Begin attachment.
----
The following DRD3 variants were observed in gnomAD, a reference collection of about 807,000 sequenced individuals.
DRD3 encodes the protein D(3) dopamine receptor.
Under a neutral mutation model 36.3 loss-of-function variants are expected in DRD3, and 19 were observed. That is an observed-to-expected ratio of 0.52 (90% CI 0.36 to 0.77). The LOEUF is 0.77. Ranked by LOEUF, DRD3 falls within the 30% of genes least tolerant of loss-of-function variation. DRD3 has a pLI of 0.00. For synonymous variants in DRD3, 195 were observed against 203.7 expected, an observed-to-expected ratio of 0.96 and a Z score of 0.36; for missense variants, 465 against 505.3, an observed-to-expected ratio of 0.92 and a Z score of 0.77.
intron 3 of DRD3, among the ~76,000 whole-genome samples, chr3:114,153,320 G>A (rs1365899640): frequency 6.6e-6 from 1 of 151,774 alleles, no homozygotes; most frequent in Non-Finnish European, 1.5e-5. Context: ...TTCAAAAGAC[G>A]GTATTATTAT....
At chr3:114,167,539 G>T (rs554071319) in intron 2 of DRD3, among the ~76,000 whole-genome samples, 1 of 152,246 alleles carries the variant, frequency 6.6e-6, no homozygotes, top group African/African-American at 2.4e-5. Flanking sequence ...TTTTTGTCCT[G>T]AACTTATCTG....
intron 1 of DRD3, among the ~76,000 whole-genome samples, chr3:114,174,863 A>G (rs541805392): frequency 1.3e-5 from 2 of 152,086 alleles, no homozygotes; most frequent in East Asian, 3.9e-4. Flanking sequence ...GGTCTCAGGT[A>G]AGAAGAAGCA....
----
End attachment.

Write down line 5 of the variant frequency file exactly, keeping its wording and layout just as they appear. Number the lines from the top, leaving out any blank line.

At chr3:114,167,539 G>T (rs554071319) in intron 2 of DRD3, among the ~76,000 whole-genome samples, 1 of 152,246 alleles carries the variant, frequency 6.6e-6, no homozygotes, top group African/African-American at 2.4e-5. Flanking sequence ...TTTTTGTCCT[G>T]AACTTATCTG....